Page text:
At issue is record-keeping. The FSC argues that the complex record-keeping requirements the bill seeks to impose do nothing to eradicate child pornography but instead will hinder and harass legal pornographers.
“If passed into law in anything resembling its current form, (Title VI) would represent an abusive and unconstitutional affront to freedom of speech in this country. Worse it would do nothing to aid the eradication of child pornography or the incarceration of child pornographers, an objective supported by all members of the Free Speech Coalition. Indeed, the legitimate adult entertainment industry has been, and always will be, an active participant in the global fight against child pornography.”
The House passed HR 4472, subtitled “The Children’s Safety and Violent Crime Reduction Act of 2005″, yesterday.
“We can safely say that today the House clearly made worse already unconstitutional 2257 regulations. Specifically, H.R. 4472:
• Creates section 2257A, which provides record keeping requirements for simulated sexual content;
• Gives the Attorney General of the Unites States the discretion to define certain activities not subject to 2257;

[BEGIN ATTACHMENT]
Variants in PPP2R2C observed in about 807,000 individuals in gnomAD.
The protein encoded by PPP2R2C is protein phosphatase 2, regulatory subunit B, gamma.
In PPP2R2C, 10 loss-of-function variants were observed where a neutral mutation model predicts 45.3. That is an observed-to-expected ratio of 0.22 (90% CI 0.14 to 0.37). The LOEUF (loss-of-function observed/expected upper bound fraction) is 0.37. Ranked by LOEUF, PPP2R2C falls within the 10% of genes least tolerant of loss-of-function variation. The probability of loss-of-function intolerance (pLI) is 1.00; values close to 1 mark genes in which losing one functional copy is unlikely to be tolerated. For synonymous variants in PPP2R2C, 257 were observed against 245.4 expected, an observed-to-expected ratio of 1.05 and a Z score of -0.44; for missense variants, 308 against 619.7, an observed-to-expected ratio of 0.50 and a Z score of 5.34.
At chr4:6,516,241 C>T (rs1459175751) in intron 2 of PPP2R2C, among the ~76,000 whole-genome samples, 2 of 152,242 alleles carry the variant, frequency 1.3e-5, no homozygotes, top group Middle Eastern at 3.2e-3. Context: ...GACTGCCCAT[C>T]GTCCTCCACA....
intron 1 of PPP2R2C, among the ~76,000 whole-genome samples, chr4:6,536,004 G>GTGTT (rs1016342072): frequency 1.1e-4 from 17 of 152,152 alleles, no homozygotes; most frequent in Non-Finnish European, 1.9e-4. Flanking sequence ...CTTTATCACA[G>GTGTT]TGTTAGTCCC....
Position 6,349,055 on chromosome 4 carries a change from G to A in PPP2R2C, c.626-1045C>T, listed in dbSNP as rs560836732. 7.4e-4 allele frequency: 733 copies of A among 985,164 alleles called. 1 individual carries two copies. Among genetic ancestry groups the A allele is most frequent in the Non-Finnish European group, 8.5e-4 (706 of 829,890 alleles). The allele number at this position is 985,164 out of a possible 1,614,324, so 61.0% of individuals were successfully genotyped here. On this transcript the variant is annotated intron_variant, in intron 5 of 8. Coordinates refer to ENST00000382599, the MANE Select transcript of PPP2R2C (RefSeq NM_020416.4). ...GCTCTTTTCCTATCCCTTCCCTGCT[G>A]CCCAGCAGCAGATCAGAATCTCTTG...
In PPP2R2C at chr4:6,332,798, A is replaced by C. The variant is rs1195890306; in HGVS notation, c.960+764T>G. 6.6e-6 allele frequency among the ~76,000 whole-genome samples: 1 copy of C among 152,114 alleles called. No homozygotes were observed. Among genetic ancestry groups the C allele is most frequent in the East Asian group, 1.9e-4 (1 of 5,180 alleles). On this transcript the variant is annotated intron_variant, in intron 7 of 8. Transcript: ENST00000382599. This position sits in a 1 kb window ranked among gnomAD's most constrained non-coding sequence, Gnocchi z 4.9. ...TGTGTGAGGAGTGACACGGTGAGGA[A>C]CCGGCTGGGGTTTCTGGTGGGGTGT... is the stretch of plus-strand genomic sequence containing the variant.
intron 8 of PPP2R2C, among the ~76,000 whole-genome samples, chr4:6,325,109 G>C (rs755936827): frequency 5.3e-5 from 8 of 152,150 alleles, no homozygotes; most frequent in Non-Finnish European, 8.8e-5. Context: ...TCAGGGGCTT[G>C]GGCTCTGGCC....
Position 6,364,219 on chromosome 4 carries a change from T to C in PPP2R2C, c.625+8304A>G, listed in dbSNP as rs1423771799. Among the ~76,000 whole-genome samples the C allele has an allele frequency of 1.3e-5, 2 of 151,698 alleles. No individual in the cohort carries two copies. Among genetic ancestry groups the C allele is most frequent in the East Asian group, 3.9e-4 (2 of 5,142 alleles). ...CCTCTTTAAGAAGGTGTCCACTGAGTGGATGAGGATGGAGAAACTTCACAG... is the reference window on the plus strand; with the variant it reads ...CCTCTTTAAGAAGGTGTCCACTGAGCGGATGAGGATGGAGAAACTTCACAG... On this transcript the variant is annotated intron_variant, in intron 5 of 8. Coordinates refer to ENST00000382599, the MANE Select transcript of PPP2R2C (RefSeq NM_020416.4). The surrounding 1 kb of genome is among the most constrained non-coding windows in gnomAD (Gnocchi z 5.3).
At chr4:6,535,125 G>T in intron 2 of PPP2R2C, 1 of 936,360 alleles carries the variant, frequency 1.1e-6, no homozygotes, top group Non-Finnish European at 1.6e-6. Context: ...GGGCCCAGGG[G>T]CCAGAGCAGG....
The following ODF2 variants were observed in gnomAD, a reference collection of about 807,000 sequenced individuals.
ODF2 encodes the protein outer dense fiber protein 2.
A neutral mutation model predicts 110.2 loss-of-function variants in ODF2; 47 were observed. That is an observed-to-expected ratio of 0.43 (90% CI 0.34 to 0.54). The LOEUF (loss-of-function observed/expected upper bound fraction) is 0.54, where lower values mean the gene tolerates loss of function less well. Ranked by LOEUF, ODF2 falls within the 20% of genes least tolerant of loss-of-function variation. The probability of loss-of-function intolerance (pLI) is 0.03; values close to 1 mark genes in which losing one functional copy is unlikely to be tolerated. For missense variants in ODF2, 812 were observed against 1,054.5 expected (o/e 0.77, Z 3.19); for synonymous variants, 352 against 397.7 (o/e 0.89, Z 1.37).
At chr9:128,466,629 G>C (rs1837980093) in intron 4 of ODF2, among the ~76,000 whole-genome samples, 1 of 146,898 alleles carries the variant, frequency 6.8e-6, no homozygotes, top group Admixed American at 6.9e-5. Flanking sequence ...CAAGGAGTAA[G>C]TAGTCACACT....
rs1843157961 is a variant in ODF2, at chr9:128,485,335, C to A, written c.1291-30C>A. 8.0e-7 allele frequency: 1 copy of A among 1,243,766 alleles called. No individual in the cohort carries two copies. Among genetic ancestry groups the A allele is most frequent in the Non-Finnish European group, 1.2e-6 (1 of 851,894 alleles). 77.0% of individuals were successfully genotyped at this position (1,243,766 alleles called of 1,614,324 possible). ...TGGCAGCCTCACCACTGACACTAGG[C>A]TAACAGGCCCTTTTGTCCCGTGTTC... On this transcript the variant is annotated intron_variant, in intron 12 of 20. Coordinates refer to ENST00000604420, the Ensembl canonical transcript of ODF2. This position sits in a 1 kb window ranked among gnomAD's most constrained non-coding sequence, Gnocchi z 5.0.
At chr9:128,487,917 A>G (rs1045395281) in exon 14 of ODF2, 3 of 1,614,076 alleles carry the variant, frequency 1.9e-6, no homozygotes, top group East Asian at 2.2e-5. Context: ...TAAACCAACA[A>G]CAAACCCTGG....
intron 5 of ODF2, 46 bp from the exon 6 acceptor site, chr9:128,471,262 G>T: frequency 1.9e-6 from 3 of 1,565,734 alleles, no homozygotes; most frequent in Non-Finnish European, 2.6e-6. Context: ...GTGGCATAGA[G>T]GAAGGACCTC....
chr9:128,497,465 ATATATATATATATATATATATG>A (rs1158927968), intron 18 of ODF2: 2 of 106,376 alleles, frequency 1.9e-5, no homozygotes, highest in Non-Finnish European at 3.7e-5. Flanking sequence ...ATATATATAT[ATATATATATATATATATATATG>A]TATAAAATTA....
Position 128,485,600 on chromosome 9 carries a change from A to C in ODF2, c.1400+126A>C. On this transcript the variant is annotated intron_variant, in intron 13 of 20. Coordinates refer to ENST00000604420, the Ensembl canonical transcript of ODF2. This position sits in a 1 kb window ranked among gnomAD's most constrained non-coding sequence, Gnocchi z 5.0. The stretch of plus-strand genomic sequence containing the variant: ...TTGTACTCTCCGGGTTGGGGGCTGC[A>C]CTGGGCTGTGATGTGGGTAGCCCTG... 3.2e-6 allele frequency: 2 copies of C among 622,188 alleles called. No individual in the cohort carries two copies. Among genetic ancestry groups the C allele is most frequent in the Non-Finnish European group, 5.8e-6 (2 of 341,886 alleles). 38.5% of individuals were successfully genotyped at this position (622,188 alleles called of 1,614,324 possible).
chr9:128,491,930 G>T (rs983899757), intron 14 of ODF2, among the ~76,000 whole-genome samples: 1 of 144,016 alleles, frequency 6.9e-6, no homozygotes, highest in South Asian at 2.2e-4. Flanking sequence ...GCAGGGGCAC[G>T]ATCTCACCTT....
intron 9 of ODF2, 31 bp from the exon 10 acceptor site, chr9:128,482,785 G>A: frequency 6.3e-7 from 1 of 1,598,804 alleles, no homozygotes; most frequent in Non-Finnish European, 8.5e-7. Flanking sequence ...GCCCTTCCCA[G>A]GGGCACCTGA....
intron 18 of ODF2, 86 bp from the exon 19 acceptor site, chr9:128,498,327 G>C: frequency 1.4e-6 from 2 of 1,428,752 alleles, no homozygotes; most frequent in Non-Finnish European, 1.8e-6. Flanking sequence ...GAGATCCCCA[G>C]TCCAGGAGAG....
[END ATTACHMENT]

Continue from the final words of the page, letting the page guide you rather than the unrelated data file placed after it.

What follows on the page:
• Adds civil and criminal asset forfeiture penalties in 2257 and obscenity cases;
• Restores section 2256 (E), the “lascivious exhibition of the genitals or pubic area of any person,” to the definition of “sexually explicit conduct” for the purposes of 2257;
• Makes the production of obscenity a federal criminal offense under Section 1465 of title 18 of the United States Code;
• Prohibits defense counsel and expert witnesses in a child pornography case from reproducing evidence that is defined as child pornography under Section 2256.”
This last point represents a particularly dumb piece of legislation. A defendant on trial for child pornography can’t exhibit anything to exonerate himself that has been judged to be child pornography.
It’s like saying that you can’t show a jury that what was judged to be a smoking gun is actually a potato, because guns aren’t allowed in the courtroom.